After last year’s travesty of a song, the organising committee of this year’s NDP came up with what I thought was a rather brilliant idea: to take an old song that most Singaporeans could identify with and bring it into 2018.
The result, perhaps in part due to Charlie Lim’s artistry and the ensemble cast of local singers, including Joanna Dong of The Voice of China fame, was one of the more memorable National Day songs of recent years. As usual, the music video tries its best to be ‘all-inclusive’ (in inverted commas because the government current stance on inclusiveness doesn’t extend to the LGBT community), but this time there was an air of sophistication to the video, rather than outright cheesiness, perhaps due to the efforts of the video editors who applied consistent but not overdone colour grading throughout (notice the ever-so-slight sepia overtones throughout?). Unrelated bit of trivia: the husband of the music video’s director, Wee Li Lin, happens to share the same name as Charlie Lim.
While people don’t usually care much about the accompanying music videos, these music videos make for an excellent tool to take you down memory lane.
For example, while we now celebrate National Day based on the number of years since independence, based on the video for Stand Up For Singapore, we know that as late as 1984, we counted the number of years from 1959, the year in which Singapore attained internal self-government.
Meanwhile, at 2:41 of the music video of 2006’s My Island Home, you could see a vision of Singapore’s future, with a computer-generated outline of Marina Bay Sands and Marina Bay Financial Centre interposed on to the existing skyline back then. It dawned upon me just then that the things that are integral and most representative of Singapore’s skyline today weren’t even there a decade ago.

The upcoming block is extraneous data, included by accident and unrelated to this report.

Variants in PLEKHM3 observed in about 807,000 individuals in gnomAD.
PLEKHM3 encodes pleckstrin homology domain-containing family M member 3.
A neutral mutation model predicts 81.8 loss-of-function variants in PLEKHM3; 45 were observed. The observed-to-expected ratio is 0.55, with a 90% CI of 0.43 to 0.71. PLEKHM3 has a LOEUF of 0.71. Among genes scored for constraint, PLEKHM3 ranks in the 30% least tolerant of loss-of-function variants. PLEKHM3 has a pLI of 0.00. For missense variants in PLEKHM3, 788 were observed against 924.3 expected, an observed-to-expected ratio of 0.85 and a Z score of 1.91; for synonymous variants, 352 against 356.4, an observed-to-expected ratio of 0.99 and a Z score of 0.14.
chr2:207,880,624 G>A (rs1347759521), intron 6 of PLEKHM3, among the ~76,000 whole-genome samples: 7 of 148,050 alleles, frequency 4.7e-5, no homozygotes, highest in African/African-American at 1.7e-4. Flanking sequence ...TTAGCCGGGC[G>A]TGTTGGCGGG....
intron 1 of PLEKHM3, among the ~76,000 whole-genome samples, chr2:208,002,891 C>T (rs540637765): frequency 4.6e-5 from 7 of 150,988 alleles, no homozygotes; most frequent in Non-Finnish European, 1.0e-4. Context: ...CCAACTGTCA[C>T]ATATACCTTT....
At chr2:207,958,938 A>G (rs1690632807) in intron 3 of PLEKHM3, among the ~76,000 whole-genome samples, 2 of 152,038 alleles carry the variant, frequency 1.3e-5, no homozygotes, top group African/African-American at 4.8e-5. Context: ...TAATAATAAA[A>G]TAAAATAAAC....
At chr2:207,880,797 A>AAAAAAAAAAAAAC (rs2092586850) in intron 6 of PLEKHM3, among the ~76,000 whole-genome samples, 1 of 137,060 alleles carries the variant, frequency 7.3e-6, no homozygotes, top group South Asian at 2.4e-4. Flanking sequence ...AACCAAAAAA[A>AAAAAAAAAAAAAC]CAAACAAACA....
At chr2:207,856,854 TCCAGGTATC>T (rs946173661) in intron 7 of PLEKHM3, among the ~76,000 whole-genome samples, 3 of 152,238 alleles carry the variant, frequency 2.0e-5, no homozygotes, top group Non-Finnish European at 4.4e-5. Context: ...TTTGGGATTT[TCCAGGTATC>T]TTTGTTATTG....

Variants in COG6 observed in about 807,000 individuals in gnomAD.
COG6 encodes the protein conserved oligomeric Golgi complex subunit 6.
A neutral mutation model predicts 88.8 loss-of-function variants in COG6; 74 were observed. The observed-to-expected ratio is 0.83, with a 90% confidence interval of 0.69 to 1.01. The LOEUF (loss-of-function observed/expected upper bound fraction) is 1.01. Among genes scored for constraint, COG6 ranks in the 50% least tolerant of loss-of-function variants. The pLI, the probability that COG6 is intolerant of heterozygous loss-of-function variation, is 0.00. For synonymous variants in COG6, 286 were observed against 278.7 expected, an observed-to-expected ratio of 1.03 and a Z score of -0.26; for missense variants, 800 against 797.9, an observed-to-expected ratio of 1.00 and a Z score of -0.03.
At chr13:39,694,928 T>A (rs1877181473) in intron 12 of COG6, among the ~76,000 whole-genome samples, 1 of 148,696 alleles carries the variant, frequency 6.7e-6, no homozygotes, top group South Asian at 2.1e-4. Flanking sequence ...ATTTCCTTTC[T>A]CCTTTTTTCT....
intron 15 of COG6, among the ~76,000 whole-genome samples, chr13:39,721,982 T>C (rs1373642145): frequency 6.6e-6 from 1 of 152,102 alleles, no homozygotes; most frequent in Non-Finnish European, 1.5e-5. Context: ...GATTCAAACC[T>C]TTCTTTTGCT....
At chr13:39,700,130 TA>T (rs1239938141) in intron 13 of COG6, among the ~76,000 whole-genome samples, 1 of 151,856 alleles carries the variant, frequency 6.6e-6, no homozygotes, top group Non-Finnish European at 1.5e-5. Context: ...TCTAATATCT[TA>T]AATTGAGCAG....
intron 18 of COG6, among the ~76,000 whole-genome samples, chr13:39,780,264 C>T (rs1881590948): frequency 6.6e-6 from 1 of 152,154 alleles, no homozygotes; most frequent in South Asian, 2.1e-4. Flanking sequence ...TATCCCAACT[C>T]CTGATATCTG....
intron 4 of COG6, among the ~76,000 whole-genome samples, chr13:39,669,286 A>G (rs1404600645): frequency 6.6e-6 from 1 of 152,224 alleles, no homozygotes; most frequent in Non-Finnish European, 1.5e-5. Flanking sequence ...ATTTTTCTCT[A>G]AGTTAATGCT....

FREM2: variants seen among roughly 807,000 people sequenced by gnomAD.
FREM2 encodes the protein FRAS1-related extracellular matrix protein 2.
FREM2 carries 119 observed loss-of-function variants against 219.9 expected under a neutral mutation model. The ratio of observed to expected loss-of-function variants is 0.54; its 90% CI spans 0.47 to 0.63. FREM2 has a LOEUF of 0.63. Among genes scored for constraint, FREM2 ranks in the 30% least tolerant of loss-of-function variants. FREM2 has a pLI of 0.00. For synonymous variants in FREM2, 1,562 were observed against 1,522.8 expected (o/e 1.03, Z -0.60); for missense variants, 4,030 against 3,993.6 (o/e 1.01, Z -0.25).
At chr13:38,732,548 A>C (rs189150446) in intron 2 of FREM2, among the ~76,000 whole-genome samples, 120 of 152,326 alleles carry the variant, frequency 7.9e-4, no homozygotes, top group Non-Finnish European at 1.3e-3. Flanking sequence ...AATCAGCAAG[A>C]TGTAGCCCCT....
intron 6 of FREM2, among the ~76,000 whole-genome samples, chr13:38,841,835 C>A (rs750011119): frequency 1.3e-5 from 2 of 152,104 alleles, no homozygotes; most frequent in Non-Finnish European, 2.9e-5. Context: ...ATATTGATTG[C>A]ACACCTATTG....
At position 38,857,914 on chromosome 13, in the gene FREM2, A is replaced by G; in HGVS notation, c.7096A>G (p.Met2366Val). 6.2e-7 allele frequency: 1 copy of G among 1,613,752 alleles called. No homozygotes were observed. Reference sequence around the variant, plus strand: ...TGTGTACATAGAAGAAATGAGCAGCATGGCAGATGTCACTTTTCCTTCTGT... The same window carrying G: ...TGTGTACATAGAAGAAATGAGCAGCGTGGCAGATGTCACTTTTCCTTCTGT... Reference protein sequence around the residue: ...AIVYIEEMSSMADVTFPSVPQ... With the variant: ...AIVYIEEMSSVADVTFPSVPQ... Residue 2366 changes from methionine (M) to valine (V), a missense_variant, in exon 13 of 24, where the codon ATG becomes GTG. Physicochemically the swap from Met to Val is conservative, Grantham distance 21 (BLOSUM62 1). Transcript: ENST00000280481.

While the video of 2001’s Where I Belong isn’t outstanding by any means (perhaps due to the 240p image quality), the song remains my favourite by far, seventeen years on. Perhaps it was because I was a primary school kid at the time and we were forced to learn that song. Or maybe it brought me back to a time where the world was very much different–this was a month before 9/11, before the word “terrorist” became a part of everyday language. But I thought it was a very meaningful yet upbeat piece and I would definitely choose it over Home any day. Sadly, it remains forgotten by most and wasn’t even voted one of the top five national day songs in a Channel NewAsia poll.
What is your favourite National Day song?